Accessibility is a public health issue. Having the opportunity to access, use, and understand information, applications, and other resources is a determinant in every individual’s quality of life. Furthermore, it is a fundamental human right. Taking a proactive approach, Johns Hopkins University has made a commitment toward accessibility for all of our constituents, and in all of our environments: physical and digital. Faculty have a significant role to play in achieving this.
Universitywide guidelines require all new course materials be digitally accessible as of January 1, 2021. This includes all resources authored by faculty and distributed to or otherwise shared with students. (Note that while it is a best practice to share only accessible resources, anything created or shared before 2021 does not fall within the current mandate.)
To define “digitally accessible,” Johns Hopkins follows WCAG 2.1 AA (Web Content Accessibility Guidelines) success criteria put forth by the World Wide Web Consortium. These success criteria will help make our learning environment one that provides equitable opportunity and usability for all individuals, and enable us to reach and interact with the most people possible without the need for further adaptation.
The expectations toward meeting these guidelines are that faculty will, at a minimum, embrace a set of best practices. Of course, faculty are encouraged to do more than this to grow their comprehension and implementation of digital accessibility. As a start, they can go beyond the minimum expectations to learn more about Authoring Accessible Materials. Additionally, faculty may attend a class or workshop specific to accessibility or the related discipline of Universal Design for Learning. Another opportunity is for faculty to familiarize themselves with this simplified WCAG checklist maintained by WebAIM (Web Accessibility in Mind).
A stand-alone PDF document of these faculty expectations is also available.
Whenever possible, use Word and PowerPoint templates designed in such a way to promote the use of recommended contrast ratios, alternative (alt) text for images, accessible fonts, headings, and logical reading order. In addition to the accessible templates offered by the School, Microsoft Office has several available accessible templates.
Use Built-in Tools, Including Styles, to Maintain Structure and Formatting
Use tools that are built into your software (e.g., PowerPoint and Word) for formatting such as heading levels, bulleted and numbered lists, paragraph spacing, and alignment.
Consider Color Contrast Ratios and Never Rely on Color Alone
When you use color in your documents, for instance, text written across a solid-colored slide background, be mindful of the contrast ratio (passing for level AA) of overlapping objects. And whether you are emphasizing text in a paragraph, working in a table cell, or editing a chart or other visual, do not use color alone to identify an object.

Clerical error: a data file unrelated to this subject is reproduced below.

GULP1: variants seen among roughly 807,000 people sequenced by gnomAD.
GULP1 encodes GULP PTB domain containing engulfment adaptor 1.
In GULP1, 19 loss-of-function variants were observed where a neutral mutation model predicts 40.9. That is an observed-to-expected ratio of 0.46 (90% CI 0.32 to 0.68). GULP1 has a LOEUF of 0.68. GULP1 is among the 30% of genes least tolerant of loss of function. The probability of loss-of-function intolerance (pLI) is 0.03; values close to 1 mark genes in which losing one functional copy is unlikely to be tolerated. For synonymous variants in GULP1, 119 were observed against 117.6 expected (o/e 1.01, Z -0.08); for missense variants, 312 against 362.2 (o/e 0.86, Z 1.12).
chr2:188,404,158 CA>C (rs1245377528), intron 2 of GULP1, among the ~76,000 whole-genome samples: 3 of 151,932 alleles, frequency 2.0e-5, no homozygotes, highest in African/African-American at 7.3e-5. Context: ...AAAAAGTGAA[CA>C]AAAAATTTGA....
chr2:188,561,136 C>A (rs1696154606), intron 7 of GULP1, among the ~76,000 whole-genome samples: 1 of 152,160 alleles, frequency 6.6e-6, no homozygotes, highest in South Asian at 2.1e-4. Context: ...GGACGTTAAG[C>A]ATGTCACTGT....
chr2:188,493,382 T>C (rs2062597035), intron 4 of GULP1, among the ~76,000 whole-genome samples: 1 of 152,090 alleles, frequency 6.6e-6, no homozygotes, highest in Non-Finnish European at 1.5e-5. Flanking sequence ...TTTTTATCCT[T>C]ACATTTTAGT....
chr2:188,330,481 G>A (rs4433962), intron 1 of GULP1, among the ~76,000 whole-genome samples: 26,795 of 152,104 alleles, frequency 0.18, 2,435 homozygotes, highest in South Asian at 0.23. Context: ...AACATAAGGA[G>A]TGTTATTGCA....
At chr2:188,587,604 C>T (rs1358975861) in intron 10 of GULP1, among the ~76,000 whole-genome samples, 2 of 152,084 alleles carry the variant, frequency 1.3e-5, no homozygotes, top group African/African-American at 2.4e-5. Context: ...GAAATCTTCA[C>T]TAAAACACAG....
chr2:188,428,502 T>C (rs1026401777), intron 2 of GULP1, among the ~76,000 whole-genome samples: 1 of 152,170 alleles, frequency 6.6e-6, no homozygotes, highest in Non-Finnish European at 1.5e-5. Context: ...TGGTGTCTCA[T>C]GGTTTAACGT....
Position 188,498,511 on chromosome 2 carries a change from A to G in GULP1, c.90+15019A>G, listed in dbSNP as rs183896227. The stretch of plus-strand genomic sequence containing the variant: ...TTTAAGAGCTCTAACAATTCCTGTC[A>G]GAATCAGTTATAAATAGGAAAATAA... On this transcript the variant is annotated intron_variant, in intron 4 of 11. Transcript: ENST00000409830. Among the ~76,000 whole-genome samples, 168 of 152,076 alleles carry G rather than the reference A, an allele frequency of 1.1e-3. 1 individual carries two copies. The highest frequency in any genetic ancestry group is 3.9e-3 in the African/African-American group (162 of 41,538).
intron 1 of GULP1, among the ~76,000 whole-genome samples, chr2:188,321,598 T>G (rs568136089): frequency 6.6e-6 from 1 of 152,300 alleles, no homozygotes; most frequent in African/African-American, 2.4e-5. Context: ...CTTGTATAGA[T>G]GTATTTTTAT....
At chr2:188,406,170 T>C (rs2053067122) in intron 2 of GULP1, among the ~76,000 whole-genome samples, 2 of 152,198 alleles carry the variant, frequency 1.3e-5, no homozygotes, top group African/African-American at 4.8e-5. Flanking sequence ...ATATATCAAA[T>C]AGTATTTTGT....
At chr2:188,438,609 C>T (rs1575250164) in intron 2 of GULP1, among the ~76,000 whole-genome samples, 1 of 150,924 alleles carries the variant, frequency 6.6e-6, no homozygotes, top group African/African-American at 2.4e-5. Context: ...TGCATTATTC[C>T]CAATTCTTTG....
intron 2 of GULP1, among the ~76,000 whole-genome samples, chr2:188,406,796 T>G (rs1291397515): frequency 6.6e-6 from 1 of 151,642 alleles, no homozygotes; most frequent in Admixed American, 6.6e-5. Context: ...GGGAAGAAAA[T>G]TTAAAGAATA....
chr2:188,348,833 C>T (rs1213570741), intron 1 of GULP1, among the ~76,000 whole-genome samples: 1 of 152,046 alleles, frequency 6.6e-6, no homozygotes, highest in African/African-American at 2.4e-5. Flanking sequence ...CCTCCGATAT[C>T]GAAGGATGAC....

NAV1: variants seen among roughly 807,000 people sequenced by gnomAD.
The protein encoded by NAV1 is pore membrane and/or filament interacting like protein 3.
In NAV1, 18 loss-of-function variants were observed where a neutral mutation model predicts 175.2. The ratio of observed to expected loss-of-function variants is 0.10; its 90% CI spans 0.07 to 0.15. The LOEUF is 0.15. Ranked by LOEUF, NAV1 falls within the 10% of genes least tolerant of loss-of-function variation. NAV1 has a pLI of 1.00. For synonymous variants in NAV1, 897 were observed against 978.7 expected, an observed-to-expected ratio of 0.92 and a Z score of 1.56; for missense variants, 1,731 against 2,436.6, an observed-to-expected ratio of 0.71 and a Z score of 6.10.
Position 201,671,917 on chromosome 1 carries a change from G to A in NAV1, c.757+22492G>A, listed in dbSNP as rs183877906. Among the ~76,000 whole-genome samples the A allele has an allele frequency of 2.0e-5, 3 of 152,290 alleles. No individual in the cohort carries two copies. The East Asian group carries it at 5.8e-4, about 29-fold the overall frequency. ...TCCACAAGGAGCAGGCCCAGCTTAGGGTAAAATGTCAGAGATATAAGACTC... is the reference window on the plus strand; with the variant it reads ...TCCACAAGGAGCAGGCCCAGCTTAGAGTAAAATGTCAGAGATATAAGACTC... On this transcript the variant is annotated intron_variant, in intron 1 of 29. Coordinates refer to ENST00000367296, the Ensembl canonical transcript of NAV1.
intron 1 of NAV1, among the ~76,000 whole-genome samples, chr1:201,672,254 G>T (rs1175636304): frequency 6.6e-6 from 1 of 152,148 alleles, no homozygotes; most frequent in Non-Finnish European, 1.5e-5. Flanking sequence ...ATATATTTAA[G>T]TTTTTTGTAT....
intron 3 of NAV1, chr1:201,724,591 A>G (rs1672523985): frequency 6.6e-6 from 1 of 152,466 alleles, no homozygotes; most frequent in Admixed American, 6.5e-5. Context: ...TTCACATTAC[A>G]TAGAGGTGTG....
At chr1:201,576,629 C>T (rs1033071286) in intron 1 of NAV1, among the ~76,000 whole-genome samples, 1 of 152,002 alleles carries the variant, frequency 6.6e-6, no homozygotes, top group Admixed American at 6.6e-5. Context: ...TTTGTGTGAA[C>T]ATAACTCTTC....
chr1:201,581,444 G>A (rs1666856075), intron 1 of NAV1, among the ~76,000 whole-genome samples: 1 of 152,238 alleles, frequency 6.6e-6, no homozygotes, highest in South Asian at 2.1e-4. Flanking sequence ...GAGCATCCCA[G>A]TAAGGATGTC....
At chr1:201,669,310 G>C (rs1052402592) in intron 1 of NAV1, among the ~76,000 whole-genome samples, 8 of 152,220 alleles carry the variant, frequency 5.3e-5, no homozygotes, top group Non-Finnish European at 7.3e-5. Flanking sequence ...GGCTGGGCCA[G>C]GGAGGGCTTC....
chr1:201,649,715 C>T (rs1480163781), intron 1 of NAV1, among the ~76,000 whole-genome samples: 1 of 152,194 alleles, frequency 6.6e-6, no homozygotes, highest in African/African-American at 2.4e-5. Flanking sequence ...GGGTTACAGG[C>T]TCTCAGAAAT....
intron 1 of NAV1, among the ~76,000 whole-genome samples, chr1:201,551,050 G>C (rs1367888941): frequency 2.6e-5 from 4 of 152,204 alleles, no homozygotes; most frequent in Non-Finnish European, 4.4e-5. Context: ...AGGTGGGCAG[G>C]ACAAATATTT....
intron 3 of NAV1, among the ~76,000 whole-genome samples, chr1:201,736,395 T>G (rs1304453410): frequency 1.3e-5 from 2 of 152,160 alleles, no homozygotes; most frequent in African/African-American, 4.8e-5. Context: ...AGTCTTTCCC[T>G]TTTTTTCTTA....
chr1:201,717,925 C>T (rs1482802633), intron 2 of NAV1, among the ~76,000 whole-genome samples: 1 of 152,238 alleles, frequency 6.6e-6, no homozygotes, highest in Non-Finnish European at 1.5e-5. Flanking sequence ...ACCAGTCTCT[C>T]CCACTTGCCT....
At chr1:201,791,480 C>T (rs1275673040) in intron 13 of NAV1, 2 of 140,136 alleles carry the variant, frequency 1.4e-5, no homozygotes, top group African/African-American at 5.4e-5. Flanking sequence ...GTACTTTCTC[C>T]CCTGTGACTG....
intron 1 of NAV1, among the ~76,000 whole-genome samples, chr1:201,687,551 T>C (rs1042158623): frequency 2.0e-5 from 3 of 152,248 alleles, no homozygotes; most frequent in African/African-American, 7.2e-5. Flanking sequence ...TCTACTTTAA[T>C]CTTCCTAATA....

Provide Alternative Text for Images (and Other Nontext Elements)
For any image or other nontext element that is not purely decorative, provide appropriate alternative text that is succinct and conveys the purpose or meaning of the nontext element in context to the rest of the document, including using appropriate terminology for the intended audience.
Use Accessibility Checkers
Use the accessibility checkers that are built into your software (such as Microsoft Office’s tool and Adobe Acrobat Pro’s accessibility check tool) whenever they are available.
Provide Captions and Alternative Accessible Formats for Video and Audio
For both video and audio content, share alternative accessible formats of the media. This includes transcripts and accessible versions of any slide presentations. Video should include captioning or interactive (time-based) transcripts. For all synchronous and asynchronous video production, when possible, use self-recording tools with built-in captioning or interactive transcription, such as Panopto’s automatic speech recognition (ASR) or Zoom’s audio transcription for cloud recordings. If built-in transcription is not available, use Microsoft Stream for transcription or another third-party service.
Note that while the quality of automatic transcription and captioning services is constantly improving, their outputs will not meet the required accommodation for an individual with a documented disability. Discuss meeting this accommodation with Student Disability Services.
Accessibility Checklist for Johns Hopkins Faculty
Keep the following in mind when creating accessible instructional content.
How to Achieve?
Use accessible templates, adhering to placeholders and maintaining reading order.
Use built-in tools for styles (Heading 1, Heading 2, etc.) and layout (bullets, numbering, etc.).
Provide alt text (succinct, alternative descriptions) for images and complex nontext elements.
Avoid using color as the only means of distinguishing information.
Be mindful of color contrast ratios of text against a background and when objects overlap.
Make hyperlinks meaningful by linking only text that indicates the linked resource or destination. Use full URLs (Universal Resource Locators) only when that is the meaningful text.
Use tables only for organizing data (and never for layout). Make sure that tables have header rows and visible borders.
Use only accessible, tagged PDFs and never scanned documents. Accessible PDFs are usually created using Adobe Acrobat Pro with an accessible text, spreadsheet, or presentation file.
Use built-in accessibility checkers.
Provide alternate forms of the content (for video and audio files), including transcripts and captioning.